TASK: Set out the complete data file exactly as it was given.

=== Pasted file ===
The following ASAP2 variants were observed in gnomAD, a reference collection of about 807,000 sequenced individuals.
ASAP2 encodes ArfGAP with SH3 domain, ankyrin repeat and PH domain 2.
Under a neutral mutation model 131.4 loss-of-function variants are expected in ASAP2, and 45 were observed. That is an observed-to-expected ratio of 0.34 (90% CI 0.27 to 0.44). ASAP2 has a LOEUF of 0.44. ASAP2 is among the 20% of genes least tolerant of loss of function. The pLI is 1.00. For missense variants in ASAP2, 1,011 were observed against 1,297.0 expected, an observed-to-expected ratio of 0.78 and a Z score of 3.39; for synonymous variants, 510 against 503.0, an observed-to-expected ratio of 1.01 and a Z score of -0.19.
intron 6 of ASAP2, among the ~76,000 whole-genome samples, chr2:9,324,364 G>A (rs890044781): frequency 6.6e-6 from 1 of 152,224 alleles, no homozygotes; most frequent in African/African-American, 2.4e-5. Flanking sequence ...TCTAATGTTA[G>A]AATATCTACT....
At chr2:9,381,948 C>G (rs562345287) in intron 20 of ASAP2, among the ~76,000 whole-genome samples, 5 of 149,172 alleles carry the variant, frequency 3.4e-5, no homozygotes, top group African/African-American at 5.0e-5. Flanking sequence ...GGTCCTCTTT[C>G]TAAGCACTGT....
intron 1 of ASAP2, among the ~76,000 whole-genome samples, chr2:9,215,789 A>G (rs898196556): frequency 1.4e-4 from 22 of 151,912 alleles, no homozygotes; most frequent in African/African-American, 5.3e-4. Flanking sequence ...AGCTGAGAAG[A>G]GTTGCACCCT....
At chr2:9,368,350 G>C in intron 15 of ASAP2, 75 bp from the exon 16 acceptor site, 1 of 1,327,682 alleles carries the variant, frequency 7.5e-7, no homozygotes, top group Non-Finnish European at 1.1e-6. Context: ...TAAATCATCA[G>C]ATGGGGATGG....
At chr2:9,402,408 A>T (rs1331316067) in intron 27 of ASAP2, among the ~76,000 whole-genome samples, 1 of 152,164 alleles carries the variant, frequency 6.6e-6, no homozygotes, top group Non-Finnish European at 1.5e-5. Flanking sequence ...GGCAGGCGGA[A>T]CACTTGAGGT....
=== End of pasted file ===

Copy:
The following ASAP2 variants were observed in gnomAD, a reference collection of about 807,000 sequenced individuals.
ASAP2 encodes ArfGAP with SH3 domain, ankyrin repeat and PH domain 2.
Under a neutral mutation model 131.4 loss-of-function variants are expected in ASAP2, and 45 were observed. That is an observed-to-expected ratio of 0.34 (90% CI 0.27 to 0.44). ASAP2 has a LOEUF of 0.44. ASAP2 is among the 20% of genes least tolerant of loss of function. The pLI is 1.00. For missense variants in ASAP2, 1,011 were observed against 1,297.0 expected, an observed-to-expected ratio of 0.78 and a Z score of 3.39; for synonymous variants, 510 against 503.0, an observed-to-expected ratio of 1.01 and a Z score of -0.19.
intron 6 of ASAP2, among the ~76,000 whole-genome samples, chr2:9,324,364 G>A (rs890044781): frequency 6.6e-6 from 1 of 152,224 alleles, no homozygotes; most frequent in African/African-American, 2.4e-5. Flanking sequence ...TCTAATGTTA[G>A]AATATCTACT....
At chr2:9,381,948 C>G (rs562345287) in intron 20 of ASAP2, among the ~76,000 whole-genome samples, 5 of 149,172 alleles carry the variant, frequency 3.4e-5, no homozygotes, top group African/African-American at 5.0e-5. Flanking sequence ...GGTCCTCTTT[C>G]TAAGCACTGT....
intron 1 of ASAP2, among the ~76,000 whole-genome samples, chr2:9,215,789 A>G (rs898196556): frequency 1.4e-4 from 22 of 151,912 alleles, no homozygotes; most frequent in African/African-American, 5.3e-4. Flanking sequence ...AGCTGAGAAG[A>G]GTTGCACCCT....
At chr2:9,368,350 G>C in intron 15 of ASAP2, 75 bp from the exon 16 acceptor site, 1 of 1,327,682 alleles carries the variant, frequency 7.5e-7, no homozygotes, top group Non-Finnish European at 1.1e-6. Context: ...TAAATCATCA[G>C]ATGGGGATGG....
At chr2:9,402,408 A>T (rs1331316067) in intron 27 of ASAP2, among the ~76,000 whole-genome samples, 1 of 152,164 alleles carries the variant, frequency 6.6e-6, no homozygotes, top group Non-Finnish European at 1.5e-5. Flanking sequence ...GGCAGGCGGA[A>T]CACTTGAGGT....